You probably heard of the Mexican eagle if you know anything about birds. This bird is also known as the Crested Caracaras due to its unique black crest crowning its head. Crested Caracaras also have distinct behavior that set them apart from other birds.
This eagle is native to Latin America. Texas is the only place in the United States where you’ll find a booming population of Mexican eagles. However, the bird is also found in small colonies in Florida, New Mexico, and Arizona.
Do you want to find out more about the Mexican eagle? This article will tell you everything you need to know about Mexican eagles, Texas’ native falcons. Stick around!
The Mexican eagle, also known as the Crested Caracara, is a unique-looking falcon that resides in Latin America. Yet, it’s sometimes found in the Southern USA.
Mexican eagles are common in Texas, typically in the southern borders of the state. Alternatively, they won’t make a home out of the prairie regions of north Texas.
The Crested Caracara is probably one of the most beautiful birds out there. For this reason, many bird watchers specifically visit Texas for the chance to spot Mexican eagles.
If you’re lucky, you might even get to spot Mexican eagles in action. They soar through the sky by slowly flapping their wings.
Once they find their prey or carrion, they’ll immediately attack. Even if there are other vultures around, Crested Caracaras are likely to fight them off to seize their prey.
You can easily mistake Crested Caracaras for hawks, especially if you’re far enough. The two birds look entirely different, though.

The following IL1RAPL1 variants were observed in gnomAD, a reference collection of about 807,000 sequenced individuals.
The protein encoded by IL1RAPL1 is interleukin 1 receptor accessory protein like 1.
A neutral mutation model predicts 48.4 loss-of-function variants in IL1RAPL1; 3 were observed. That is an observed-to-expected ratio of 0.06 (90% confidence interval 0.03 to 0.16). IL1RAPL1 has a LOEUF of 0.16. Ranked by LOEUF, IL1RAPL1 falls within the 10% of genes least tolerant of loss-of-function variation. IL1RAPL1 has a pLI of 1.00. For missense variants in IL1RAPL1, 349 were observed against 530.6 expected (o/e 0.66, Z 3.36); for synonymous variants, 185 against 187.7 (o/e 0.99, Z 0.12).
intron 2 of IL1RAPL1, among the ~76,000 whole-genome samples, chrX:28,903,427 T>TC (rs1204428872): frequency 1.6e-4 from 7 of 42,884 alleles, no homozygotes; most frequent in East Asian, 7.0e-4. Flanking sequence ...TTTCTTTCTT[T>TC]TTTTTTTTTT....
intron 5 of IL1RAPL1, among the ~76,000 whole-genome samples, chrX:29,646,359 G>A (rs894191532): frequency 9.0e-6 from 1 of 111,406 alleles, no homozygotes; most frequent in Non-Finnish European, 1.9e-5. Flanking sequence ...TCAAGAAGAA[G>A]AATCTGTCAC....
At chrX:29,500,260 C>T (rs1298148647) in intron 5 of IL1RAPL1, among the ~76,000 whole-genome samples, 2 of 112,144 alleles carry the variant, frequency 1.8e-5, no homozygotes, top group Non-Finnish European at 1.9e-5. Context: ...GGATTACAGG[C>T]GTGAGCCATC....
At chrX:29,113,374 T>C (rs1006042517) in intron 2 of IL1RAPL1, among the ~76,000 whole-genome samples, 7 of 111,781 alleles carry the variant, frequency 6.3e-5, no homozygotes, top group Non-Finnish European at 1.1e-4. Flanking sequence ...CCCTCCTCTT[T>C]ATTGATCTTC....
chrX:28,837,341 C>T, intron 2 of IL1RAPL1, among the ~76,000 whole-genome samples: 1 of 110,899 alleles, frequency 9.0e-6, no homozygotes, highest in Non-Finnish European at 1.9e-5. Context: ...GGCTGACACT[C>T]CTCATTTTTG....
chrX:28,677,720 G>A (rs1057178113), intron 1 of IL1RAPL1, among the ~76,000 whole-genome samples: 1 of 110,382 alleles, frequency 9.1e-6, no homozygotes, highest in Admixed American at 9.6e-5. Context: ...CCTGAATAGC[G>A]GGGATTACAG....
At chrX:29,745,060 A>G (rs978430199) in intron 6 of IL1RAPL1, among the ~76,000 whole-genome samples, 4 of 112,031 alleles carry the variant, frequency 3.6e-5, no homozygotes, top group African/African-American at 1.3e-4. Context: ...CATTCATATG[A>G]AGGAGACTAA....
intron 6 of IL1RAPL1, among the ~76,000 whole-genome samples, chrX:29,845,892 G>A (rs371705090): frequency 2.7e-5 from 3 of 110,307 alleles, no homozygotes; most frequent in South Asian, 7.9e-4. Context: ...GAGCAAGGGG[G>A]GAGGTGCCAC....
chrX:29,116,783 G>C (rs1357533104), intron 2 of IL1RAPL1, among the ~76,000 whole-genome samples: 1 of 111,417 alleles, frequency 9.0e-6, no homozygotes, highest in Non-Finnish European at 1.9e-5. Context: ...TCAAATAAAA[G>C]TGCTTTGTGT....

To start, Mexican eagles have incredibly sharp peaks that are silver in color. In addition, Crested Caracaras have white necks and orange faces, but the top of Mexican eagles’ heads is stark black. This is also known as a crest, from which they get their name.
As for the body, it’s also black, with no spotting or patterns. Their unique look often makes them an interesting subject for bird-watching.
Seeing a Mexican eagle flying around is a rare occurrence. Still, if you know what to look for, you might easily spot these predators in their natural habitat.
Crested Caracaras often live in flocks and stay together in one place for years. They’re the only vultures to make nests and are likely to return to them. So, if there’s a Mexican eagle sighting in one place, chances are, there are other Mexican eagles around!
If you want to watch a Crested Caracara in Texas, head to South Texas Brush Country, Coastal Sand Plain, Coastal Prairies, Southern Post Oak Savannah, and the Blackland Prairies. These regions have confirmed Mexican eagle sightings and breeding records.
Timing is also crucial. That’s because Mexican eagles, like all birds, can move from one territory to the other on a seasonal basis. However, they nest in Texas from January to September.
If you want an even more exact location, Crested Caracaras typically nest between 10 to 30 feet above the ground. You can find their nests in oak, elm, shrubs, or even cactus!
Mexican eagles are incredibly unique, not only due to their appearance but due to their distinctive behavior as well. Unlike other vultures, Mexican eagles are the only ones to make nests out of twigs, branches, and leaves.